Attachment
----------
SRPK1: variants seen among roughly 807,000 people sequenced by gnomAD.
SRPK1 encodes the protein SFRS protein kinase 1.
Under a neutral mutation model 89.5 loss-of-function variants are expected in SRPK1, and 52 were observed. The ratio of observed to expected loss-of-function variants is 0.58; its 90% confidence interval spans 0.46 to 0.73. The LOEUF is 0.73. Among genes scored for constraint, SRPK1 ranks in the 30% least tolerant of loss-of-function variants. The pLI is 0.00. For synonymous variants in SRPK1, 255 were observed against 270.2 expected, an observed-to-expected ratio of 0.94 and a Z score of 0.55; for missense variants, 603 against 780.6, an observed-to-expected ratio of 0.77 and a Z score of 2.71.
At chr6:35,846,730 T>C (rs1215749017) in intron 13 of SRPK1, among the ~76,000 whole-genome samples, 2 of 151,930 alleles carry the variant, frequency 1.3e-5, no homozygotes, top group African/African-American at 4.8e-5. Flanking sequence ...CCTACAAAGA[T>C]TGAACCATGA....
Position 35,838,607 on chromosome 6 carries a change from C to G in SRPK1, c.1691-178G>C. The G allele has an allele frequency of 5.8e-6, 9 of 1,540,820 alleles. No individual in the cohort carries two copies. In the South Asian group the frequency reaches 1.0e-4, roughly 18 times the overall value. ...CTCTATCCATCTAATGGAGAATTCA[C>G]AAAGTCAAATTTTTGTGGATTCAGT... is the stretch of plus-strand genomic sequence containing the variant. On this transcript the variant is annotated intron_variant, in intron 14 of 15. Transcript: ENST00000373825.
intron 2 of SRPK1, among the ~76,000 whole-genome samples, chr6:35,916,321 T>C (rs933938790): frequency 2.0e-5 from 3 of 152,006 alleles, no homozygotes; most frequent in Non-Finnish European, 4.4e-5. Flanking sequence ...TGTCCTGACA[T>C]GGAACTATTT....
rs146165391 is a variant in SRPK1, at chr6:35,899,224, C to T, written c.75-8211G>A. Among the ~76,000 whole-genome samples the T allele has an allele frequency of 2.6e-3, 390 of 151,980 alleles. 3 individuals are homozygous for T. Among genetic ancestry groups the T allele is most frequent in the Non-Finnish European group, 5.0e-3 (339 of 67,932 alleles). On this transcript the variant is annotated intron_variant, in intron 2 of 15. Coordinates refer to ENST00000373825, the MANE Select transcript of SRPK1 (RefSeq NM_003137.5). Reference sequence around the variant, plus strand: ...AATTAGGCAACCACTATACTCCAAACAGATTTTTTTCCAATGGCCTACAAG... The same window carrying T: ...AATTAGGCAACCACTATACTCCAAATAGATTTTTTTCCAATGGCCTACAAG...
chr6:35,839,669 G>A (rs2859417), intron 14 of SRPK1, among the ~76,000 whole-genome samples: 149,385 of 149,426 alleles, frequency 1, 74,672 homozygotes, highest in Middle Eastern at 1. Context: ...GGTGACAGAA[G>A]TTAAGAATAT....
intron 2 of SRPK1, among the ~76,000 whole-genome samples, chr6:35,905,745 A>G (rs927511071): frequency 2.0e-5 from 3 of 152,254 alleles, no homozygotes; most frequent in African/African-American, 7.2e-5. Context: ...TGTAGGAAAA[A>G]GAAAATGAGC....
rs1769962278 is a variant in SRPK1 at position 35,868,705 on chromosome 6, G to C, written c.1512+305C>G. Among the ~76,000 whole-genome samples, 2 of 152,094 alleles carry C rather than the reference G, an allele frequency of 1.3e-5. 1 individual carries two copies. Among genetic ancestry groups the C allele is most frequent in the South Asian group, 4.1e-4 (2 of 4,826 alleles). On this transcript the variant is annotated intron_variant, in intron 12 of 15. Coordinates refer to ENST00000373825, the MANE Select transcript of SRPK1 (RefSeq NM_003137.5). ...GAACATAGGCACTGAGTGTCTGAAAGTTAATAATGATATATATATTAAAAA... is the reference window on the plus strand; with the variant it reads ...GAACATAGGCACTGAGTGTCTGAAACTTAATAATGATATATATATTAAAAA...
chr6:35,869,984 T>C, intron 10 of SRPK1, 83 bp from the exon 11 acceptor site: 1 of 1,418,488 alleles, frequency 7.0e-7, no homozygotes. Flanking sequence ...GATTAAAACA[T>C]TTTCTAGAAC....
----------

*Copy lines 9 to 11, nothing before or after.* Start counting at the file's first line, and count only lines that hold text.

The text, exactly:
intron 2 of SRPK1, among the ~76,000 whole-genome samples, chr6:35,905,745 A>G (rs927511071): frequency 2.0e-5 from 3 of 152,254 alleles, no homozygotes; most frequent in African/African-American, 7.2e-5. Context: ...TGTAGGAAAA[A>G]GAAAATGAGC....
rs1769962278 is a variant in SRPK1 at position 35,868,705 on chromosome 6, G to C, written c.1512+305C>G. Among the ~76,000 whole-genome samples, 2 of 152,094 alleles carry C rather than the reference G, an allele frequency of 1.3e-5. 1 individual carries two copies. Among genetic ancestry groups the C allele is most frequent in the South Asian group, 4.1e-4 (2 of 4,826 alleles). On this transcript the variant is annotated intron_variant, in intron 12 of 15. Coordinates refer to ENST00000373825, the MANE Select transcript of SRPK1 (RefSeq NM_003137.5). ...GAACATAGGCACTGAGTGTCTGAAAGTTAATAATGATATATATATTAAAAA... is the reference window on the plus strand; with the variant it reads ...GAACATAGGCACTGAGTGTCTGAAACTTAATAATGATATATATATTAAAAA...
chr6:35,869,984 T>C, intron 10 of SRPK1, 83 bp from the exon 11 acceptor site: 1 of 1,418,488 alleles, frequency 7.0e-7, no homozygotes. Flanking sequence ...GATTAAAACA[T>C]TTTCTAGAAC....